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Dozens of Birds Are Being Renamed Because of "Offensive Connotations"

The original names for these birds are now considered controversial.

In recent years, the U.S. has seen many name changes intended to remove offensive connotations. In Sept. 2022, the U.S. Department of the Interior released new names for nearly 650 geographic features that used the word "squaw," which was deemed offensive. Several professional sports teams, like the Cleveland Indians and the Washington Redskins, have also changed their monikers. With that in mind, it only makes sense that more and more names are being scrutinized. Now, there will be a big shakeup in the bird community, as about 70 birds are being renamed because of offensive connotations. Read on to learn about the changes and why they're happening now.

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The American Ornithological Society will change about 70 bird names.

endemic akikiki bird
Agami Photo Agency / Shutterstock

On Nov. 1, the American Ornithological Society (AOS) released a statement that it would change all English bird names that are currently named after people. The move is intended to eliminate offensive associations. About 70 to 80 birds will be renamed, or about 6 to 7 percent of the total species that occur primarily in the U.S. and Canada, per NPR.

"There is power in a name, and some English bird names have associations with the past that continue to be exclusionary and harmful today," AOS President Colleen Handel, PhD, a research wildlife biologist with the U.S. Geological Survey in Alaska, said in the statement.

"As scientists, we work to eliminate bias in science. But there has been historic bias in how birds are named and who might have a bird named in their honor. Exclusionary naming conventions developed in the 1800s, clouded by racism and misogyny, don't work for us today, and the time has come for us to transform this process and redirect the focus to the birds, where it belongs," Judith Scarl, PhD, AOS Executive Director and CEO, added in the release.

The blanket removal of all human names was intended to avoid potentially contentious value judgments about the people whose eponymous birds were renamed, USA Today writes.

In addition to their official English names, birds also have a two-part scientific name that scientists use to communicate across languages. Those names will remain the same throughout the initiative.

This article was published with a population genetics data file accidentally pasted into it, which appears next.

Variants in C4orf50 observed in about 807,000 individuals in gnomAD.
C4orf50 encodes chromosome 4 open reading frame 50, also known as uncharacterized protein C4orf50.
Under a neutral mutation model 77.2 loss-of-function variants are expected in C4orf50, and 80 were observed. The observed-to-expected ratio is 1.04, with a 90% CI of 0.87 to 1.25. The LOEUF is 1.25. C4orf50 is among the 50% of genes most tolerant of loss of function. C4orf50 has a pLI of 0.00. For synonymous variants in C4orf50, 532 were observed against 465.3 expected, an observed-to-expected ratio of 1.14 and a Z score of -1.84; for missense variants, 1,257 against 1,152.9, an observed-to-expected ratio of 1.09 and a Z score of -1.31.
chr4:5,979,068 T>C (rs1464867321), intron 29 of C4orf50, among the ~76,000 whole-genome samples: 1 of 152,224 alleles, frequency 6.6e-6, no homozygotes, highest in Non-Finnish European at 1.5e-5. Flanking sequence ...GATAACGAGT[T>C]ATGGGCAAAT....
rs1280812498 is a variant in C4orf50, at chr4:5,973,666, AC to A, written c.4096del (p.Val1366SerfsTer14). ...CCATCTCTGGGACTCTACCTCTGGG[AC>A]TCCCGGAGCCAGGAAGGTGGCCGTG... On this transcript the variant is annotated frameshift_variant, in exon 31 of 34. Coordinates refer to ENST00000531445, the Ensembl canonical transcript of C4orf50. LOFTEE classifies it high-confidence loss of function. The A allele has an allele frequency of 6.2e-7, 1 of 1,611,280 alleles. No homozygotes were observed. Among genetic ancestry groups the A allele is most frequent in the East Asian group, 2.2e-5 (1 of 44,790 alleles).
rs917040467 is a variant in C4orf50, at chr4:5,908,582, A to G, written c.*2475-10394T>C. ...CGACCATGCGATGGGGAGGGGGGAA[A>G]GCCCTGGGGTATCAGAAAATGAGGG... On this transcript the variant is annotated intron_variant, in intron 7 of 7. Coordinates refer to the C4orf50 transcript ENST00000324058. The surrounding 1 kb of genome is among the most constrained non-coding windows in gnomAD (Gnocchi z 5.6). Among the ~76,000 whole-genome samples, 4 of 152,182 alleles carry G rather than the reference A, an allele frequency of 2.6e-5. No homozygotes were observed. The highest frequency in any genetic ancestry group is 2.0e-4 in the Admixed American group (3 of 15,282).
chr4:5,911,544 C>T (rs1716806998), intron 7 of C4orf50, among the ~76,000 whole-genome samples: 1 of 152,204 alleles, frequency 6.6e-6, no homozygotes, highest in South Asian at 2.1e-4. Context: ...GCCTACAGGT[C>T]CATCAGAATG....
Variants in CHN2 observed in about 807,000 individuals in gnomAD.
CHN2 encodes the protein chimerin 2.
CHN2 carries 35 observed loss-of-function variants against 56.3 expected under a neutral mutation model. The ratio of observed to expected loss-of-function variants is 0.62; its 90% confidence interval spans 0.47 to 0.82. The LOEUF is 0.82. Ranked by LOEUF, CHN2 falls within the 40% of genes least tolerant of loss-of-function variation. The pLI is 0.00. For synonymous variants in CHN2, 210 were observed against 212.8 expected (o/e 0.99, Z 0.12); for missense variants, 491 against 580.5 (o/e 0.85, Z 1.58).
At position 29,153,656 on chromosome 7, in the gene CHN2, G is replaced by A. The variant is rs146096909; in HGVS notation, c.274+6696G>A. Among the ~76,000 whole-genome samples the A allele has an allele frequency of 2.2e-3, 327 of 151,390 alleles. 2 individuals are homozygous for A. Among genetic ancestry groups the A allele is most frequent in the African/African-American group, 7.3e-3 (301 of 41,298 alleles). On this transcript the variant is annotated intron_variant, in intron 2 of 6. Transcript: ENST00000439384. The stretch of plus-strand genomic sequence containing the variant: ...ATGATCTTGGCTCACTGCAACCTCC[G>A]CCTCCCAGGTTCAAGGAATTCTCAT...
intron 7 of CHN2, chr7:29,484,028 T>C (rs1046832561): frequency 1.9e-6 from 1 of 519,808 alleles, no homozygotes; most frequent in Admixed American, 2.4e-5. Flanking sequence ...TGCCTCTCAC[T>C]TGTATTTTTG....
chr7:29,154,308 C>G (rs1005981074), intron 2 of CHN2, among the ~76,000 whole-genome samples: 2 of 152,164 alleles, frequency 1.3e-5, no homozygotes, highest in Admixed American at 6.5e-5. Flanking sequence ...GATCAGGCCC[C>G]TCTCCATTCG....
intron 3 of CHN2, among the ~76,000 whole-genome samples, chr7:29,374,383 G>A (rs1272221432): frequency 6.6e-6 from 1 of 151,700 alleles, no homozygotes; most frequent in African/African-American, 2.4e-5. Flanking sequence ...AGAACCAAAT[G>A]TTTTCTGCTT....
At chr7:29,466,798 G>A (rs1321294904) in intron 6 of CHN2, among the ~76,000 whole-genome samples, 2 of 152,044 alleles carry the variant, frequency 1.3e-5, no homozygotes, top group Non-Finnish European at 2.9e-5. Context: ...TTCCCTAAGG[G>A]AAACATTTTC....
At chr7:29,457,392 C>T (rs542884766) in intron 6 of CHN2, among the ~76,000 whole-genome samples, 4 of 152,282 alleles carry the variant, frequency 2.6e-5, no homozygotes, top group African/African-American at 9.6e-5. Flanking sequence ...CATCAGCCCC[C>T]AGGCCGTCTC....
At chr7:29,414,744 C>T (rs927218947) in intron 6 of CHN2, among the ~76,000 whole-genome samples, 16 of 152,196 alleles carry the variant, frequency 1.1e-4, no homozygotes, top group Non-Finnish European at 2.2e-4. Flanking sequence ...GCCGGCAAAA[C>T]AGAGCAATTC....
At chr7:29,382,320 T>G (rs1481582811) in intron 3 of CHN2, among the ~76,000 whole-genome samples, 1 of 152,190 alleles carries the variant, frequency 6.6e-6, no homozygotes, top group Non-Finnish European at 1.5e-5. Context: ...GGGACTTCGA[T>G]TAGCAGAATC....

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These are some of the names being changed.

Cedar waxwing bird in serviceberry tree eating serviceberries with blue clear sky in the background on a warm spring day.

Examples of some bird names that will be changed include Anna's Hummingbird, Gambel's Quail, Lewis's Woodpecker, Bewick's Wren, and Bullock's Oriole, simply because they were named after people, according to NPR.

The committee also plans to change names considered inappropriate for three birds that aren't named after people: the flesh-footed shearwater, the Eskimo curlew, and the Inca dove, per USA Today.

It's not the first time the society, which is in charge of bird names, has renamed a bird. In 2020, the AOS renamed a prairie songbird to "thick-billed longspur." Its original name honored amateur naturalist and Confederate Army general John P. McCown, per the release.

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The change was triggered by current events.

Close-up of a female American Goldfinch who has the birdfeeder all to herself in the backyard.

On the same day that police officers killed George Floyd in Minneapolis, a white woman in Central Park called the police on a Black birder and claimed he was threatening her. Soon after, a group called Bird Names for Birds wrote to the leadership of the AOS demanding change.

"Current events in 2020 renewed societal emphasis on social justice and have shown that the time to reevaluate is now, and are largely why this initiative formalized," they write on their website. "We are overdue individually, as groups and communities, and as a society to reevaluate our biases, remove barriers of all kinds, and be better."

Birders have mixed feelings about the change.

Bird Chirping In a Tree
Julian Popov/Shutterstock

Like any significant change, there are many opinions.

"I've been seeing some of these birds and using these names every year for the last 60 years," Kenn Kaufman, a prominent author of field guides, told NPR. "It's going to feel like a bother to some people, but I think it's actually an exciting opportunity. It's an exciting opportunity to give these birds names that celebrate them—rather than some person in the past."

"It's a major change in how we think about bird names," Sushma Reddy, secretary of the society and the Breckenridge Chair of Ornithology at the University of Minnesota, told USA Today. "We came to the decision that we really want bird names to be about birds."

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Juliana LaBianca
Juliana is an experienced features editor and writer. Read more
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